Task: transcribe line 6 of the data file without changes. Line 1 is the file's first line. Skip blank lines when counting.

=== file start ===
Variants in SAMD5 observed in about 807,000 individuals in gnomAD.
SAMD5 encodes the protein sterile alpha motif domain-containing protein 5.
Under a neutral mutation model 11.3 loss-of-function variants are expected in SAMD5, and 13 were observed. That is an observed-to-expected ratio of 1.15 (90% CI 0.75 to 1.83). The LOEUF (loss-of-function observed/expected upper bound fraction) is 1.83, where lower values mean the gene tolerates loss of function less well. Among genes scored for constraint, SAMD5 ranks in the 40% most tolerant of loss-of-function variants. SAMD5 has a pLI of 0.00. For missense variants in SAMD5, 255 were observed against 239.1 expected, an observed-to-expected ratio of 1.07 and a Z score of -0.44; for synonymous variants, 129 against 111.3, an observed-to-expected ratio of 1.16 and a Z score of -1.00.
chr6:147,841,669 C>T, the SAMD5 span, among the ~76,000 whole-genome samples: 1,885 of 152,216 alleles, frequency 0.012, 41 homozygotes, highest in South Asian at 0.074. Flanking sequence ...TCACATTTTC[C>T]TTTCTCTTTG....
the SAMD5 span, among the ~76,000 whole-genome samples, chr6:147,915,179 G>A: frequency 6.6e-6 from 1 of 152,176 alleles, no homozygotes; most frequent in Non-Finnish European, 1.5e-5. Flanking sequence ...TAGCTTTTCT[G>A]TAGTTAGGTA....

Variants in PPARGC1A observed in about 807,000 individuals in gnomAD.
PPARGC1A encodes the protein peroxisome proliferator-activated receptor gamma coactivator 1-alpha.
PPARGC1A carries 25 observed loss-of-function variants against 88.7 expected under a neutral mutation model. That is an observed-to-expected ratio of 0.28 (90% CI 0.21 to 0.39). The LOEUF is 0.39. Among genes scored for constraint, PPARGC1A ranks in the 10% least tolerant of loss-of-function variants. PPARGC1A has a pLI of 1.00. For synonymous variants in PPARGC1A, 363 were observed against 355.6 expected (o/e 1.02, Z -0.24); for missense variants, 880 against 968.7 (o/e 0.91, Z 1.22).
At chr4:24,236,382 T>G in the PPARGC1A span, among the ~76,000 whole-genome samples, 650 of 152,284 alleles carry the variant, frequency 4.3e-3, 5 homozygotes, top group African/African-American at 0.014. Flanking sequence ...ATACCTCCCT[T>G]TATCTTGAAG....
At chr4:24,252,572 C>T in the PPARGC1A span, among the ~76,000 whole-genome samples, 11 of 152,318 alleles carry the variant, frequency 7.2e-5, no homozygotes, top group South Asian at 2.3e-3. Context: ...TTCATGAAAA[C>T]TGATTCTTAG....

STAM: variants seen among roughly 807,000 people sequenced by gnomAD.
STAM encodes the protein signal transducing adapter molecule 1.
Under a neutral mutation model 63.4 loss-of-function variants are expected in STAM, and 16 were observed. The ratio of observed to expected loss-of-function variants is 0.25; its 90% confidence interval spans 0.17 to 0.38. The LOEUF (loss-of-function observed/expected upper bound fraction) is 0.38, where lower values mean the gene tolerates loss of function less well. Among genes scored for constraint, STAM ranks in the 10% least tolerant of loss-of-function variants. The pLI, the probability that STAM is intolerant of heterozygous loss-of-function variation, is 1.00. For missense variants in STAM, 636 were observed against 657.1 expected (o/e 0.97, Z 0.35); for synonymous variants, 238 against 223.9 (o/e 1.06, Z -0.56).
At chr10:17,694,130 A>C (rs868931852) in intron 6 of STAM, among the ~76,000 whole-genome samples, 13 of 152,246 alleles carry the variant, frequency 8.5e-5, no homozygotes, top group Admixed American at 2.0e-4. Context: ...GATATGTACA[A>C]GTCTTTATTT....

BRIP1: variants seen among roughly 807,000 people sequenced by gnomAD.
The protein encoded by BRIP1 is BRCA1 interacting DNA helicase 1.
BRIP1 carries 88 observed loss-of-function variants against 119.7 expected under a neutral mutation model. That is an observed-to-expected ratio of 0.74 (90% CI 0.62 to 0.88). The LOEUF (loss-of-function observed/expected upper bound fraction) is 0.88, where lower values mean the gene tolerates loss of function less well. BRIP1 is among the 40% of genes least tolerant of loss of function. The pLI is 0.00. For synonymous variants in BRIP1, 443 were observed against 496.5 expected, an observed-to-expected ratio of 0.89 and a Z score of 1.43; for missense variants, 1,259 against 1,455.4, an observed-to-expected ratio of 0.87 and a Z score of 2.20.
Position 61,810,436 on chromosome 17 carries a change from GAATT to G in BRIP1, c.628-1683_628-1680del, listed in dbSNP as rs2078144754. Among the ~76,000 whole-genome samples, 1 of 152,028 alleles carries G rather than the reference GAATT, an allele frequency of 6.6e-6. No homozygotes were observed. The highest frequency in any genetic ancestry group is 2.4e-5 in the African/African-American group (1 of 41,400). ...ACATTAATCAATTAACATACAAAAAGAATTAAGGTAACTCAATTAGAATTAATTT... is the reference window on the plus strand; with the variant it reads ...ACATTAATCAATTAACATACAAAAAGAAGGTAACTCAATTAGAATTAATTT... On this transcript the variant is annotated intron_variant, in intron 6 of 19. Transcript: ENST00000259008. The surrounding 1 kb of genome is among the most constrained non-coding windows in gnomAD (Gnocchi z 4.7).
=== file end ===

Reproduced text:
Variants in PPARGC1A observed in about 807,000 individuals in gnomAD.